Finding Your High-3

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The “high-3” is an essential element in the formula used to calculate your annuity. But what does the term high-3 mean? And how do you figure out what yours is? The high-3 defined Your high-3 is the average of your highest rates of basic pay over any three consecutive years of creditable civilian service, no matter when they occur in your career, with each pay rate weighted by the length of time it was received. That three-year period starts and ends on the dates that produce the highest average pay. It starts on the first day that leads to the…

Disability retirement

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Q. I am a GS-1811 with just over 16 years of federal service. I was grandfathered into federal service at 42 and will have to retire at 62 (I am 59). Additionally, I have bought back 12 years of Army active-duty time. My Agency has proposed my removal for performance reasons, which I can directly attribute to my worsening Adult ADD. They are leaning toward an involuntary disability retirement vice removal. If I am disability retired, will my 12 years of bought-back Army time be included in the annuity calculation? Will it also be included in the subsequent calculation when…

Minimum retirement age

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Q. My wife is under CSRS with 31 years of service, but we are concerned that she may be moved into CSRS Offset upon retirement. What is the minimum retirement age for someone in this position? A. CSRS Offset applies only to employees who had a break in service that exceeded a year and ended after 1983, and had five years of service as of Jan. 1, 1987. If that doesn’t describe your wife’s situation, then she is a pure CSRS employee. Like any CSRS or CSRS Offset employee, she can retire at age 55 with 30 years of service.

BC/BS and VA

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Q. I will turn 65 next May and have retired from the post office after 33 years. I have BC/BS with the post office, and I’m also with the VA. What happens with my coverage from the post office when I turn 65? Do I have to keep the coverage since I’m with the VA? A. Your BC/BS enrollment is under the Federal Employees Health Benefits program. It doesn’t make any difference which agency you were working for when you enrolled or which one you are working for now.

Sick leave calculation

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Q. If I retire with 27 days of unused sick leave, and I started government service on the sixth day of the month, will that mean that a month of service will be added to my years of service? I understand that anything under one month of sick leave will be dropped, but am unclear about whether the day you started affects the calculation. The chart does not seem to address this. A. Annuities are calculated using years and full months of service. Any days that don’t add up to a full month are converted to hours and added to…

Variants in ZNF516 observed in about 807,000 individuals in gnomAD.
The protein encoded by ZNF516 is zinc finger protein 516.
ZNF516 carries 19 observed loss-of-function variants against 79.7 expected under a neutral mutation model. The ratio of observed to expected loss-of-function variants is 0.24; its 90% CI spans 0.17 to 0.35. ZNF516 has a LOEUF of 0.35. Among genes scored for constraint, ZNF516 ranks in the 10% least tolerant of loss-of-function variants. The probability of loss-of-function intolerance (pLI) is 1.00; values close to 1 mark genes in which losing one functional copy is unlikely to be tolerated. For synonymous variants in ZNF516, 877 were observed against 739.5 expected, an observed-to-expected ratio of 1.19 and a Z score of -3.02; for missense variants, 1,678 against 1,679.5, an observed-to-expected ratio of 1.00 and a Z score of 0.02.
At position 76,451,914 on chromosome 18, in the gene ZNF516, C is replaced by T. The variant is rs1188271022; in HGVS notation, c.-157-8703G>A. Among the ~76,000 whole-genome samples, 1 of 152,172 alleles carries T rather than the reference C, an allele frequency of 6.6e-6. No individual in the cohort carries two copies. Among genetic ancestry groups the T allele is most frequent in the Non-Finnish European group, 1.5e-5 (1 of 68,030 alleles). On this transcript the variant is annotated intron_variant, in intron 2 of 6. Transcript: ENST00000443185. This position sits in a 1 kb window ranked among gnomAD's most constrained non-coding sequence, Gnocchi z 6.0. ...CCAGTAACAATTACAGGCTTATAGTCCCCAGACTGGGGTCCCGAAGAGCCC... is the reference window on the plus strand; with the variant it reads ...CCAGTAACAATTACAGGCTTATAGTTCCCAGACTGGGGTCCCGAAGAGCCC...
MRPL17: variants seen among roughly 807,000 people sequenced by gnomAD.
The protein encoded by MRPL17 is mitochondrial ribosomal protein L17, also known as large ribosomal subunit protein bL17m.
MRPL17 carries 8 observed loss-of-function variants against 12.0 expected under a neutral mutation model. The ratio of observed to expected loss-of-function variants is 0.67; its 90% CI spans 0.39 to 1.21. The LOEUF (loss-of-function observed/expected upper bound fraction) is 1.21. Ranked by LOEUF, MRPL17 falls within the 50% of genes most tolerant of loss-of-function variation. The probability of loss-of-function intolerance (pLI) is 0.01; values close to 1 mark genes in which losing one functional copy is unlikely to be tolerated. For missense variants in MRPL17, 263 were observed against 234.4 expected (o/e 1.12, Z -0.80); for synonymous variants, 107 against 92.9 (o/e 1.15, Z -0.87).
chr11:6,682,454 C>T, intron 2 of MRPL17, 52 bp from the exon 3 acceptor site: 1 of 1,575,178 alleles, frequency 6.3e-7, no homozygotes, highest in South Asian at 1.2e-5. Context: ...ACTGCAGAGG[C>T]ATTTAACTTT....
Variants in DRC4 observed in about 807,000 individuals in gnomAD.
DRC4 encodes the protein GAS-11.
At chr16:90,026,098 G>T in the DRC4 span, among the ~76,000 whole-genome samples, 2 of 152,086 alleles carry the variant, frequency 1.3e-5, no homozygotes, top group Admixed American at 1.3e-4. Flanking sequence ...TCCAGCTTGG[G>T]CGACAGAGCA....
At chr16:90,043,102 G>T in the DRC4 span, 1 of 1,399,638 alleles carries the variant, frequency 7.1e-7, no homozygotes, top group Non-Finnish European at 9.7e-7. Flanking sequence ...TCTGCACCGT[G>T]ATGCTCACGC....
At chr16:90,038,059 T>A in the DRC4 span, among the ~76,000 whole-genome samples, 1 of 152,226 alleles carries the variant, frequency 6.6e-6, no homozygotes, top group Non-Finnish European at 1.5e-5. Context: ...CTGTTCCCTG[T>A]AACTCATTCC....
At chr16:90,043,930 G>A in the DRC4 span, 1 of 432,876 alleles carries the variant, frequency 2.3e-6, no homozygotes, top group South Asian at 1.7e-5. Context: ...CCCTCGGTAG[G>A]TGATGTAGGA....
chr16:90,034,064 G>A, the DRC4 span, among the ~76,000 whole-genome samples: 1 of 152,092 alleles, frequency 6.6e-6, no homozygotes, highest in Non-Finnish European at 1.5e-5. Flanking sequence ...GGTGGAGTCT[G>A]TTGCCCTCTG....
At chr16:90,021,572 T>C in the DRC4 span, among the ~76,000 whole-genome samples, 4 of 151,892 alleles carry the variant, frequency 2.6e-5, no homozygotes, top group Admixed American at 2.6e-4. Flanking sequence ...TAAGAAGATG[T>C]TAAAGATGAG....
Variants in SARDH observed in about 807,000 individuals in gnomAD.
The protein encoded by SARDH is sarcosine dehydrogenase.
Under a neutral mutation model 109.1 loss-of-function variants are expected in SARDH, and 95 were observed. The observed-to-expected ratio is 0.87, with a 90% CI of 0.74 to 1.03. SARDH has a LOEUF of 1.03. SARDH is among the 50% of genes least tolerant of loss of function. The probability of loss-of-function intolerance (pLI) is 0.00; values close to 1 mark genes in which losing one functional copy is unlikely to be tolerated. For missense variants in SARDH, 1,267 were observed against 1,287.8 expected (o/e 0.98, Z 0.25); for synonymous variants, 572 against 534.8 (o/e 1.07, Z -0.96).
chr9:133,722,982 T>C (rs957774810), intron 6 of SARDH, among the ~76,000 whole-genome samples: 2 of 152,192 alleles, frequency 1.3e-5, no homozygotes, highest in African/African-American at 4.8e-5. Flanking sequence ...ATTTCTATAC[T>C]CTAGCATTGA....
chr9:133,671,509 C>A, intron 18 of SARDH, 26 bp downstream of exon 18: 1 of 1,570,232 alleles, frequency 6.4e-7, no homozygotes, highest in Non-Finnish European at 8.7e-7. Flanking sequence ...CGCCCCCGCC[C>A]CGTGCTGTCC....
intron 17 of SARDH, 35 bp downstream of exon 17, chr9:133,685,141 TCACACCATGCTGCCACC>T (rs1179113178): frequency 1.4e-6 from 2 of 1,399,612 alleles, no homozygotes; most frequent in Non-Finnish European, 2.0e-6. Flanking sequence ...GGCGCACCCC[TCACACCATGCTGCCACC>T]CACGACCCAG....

Military annuity and CSRS

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Q. My husband (age 56) and I (age 53) are reaching the time when we are considering retirement and want to clarify a few things. I am covered under CSRS with 33 years of service. I have worked other jobs but I do not have enough credits to be eligible for Social Security. He is National Guard and will retire with over 30 years of service. He is also a government technician covered under FERS and will be eligible for Social Security. We are both retiring with survivor benefits. I know my husband’s Social Security would offset my CSRS. Will…

Return after LWOP

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Q. If a person is in a voluntary LWOP for a period of time and then returns to active service, is the service time necessary to meet retirement qualifications affected? For instance, if a person went on LWOP for three months does that time need to be made up in order to meet a minimum service requirement? A. No, it doesn’t. You can be on LWOP for up to six months in a calendar year without it affecting your creditable years of service.

Eligibility to receive benefits

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Q. I worked for the post office for 23 years under FERS and resigned at the age of 48 to work in the private sector. I am 53 and would like to know when I would be eligible to receive retirement benefits. Also, I worked for four years with the state government. Would those years count towards retirement? A. If you didn’t receive a refund of your retirement contributions when you left, you’d be eligible for a deferred annuity at age 62. That annuity would be based solely on your years of FERS service.

Salary offset

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Q. Is an office closure that forces employees into a Discontinued Service Early Retirement considered voluntary or involuntary when the employee is rehired as a re-employed annuitant.  Namely, if involuntary, not subject to new Federal Salary offset. A. If you choose to retire in the face of a reduction-of-force, your retirement is voluntary. If you are separated by a RIF, it’s involuntary. However, no matter which way you went, it would have no affect on the amount you’d have to contribute to the retirement fund if you were re-employed by the federal government. The higher contribution rate doesn’t apply to…

Delinquency definition

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Q. Could you please explain what the term “delinquency” refers to with regards to a discontinued service retirement? A. Delinquency is a term that includes, but is not limited to, failure to do what law or duty require, an offense or a misdemeanor, a debt or other financial obligation on which payment is overdue.

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